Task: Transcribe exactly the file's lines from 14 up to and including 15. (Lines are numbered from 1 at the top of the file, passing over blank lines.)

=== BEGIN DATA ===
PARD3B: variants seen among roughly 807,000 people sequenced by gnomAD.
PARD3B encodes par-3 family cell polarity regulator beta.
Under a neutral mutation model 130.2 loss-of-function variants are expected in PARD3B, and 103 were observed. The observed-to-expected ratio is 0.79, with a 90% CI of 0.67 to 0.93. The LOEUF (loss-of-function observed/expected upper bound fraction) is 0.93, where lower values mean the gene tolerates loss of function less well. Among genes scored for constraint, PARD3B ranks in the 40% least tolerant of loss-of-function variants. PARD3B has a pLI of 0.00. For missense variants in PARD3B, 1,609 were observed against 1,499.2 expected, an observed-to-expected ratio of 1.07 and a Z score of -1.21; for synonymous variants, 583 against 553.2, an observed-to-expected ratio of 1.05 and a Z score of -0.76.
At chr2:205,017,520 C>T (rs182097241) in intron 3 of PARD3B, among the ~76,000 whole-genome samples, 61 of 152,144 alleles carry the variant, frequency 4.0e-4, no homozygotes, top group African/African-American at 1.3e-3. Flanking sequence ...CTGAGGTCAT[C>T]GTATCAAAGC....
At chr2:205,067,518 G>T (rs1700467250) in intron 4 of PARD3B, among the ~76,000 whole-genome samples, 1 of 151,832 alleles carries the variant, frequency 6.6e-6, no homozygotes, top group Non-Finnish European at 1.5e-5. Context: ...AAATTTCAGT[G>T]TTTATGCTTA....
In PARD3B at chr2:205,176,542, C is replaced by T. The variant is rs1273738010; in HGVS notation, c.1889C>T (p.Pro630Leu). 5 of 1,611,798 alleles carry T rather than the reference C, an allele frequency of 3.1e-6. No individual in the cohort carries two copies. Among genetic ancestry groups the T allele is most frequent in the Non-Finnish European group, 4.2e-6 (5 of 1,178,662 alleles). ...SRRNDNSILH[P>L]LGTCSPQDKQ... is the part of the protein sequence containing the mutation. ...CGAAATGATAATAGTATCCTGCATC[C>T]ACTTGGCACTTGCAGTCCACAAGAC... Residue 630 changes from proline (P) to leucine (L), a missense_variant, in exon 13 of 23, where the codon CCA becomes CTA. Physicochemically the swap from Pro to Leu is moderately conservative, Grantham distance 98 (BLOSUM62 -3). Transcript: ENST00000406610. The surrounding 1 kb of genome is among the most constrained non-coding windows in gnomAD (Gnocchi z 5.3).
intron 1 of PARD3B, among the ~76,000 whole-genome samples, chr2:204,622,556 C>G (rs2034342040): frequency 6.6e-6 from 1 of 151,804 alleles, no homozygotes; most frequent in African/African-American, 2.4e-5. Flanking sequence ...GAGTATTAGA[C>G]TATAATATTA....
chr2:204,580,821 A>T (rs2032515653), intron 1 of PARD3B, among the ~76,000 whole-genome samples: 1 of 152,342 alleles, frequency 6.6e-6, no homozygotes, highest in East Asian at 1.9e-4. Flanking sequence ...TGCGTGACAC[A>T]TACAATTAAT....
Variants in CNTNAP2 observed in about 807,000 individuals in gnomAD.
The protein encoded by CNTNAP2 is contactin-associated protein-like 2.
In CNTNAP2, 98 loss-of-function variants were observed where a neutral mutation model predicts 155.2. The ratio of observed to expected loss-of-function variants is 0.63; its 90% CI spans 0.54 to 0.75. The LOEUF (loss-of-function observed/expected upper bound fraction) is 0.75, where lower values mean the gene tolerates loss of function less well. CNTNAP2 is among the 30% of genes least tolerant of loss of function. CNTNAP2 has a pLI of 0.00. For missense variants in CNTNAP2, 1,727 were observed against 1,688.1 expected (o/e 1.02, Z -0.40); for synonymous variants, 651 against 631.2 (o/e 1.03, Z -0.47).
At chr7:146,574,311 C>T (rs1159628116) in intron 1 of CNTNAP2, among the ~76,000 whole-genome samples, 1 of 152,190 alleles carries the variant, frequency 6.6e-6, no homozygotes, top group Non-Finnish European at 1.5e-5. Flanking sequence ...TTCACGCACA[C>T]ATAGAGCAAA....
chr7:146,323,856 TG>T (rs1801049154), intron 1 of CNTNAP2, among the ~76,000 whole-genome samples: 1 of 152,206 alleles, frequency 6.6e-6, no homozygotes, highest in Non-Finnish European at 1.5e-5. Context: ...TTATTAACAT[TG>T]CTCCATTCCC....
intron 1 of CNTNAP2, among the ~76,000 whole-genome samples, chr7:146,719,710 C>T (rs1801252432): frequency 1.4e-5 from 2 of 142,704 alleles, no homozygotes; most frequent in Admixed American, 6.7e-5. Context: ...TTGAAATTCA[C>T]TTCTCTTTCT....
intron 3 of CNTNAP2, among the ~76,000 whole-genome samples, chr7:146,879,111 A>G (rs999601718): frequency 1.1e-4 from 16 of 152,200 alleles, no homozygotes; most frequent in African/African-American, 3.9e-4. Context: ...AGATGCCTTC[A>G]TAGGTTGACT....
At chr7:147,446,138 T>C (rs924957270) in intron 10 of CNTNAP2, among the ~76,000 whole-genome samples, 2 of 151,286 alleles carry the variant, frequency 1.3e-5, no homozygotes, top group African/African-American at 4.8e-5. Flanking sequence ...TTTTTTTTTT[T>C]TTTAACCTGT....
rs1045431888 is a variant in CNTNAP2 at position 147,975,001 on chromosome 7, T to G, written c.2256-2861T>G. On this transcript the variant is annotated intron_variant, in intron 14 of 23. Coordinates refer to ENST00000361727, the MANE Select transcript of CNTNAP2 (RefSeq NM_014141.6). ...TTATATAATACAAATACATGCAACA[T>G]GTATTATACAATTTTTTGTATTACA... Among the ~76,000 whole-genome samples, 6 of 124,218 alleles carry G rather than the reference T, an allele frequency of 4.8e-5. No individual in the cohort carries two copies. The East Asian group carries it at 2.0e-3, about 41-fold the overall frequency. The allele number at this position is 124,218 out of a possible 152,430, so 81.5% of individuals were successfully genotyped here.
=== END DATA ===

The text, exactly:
intron 1 of CNTNAP2, among the ~76,000 whole-genome samples, chr7:146,719,710 C>T (rs1801252432): frequency 1.4e-5 from 2 of 142,704 alleles, no homozygotes; most frequent in Admixed American, 6.7e-5. Context: ...TTGAAATTCA[C>T]TTCTCTTTCT....
intron 3 of CNTNAP2, among the ~76,000 whole-genome samples, chr7:146,879,111 A>G (rs999601718): frequency 1.1e-4 from 16 of 152,200 alleles, no homozygotes; most frequent in African/African-American, 3.9e-4. Context: ...AGATGCCTTC[A>G]TAGGTTGACT....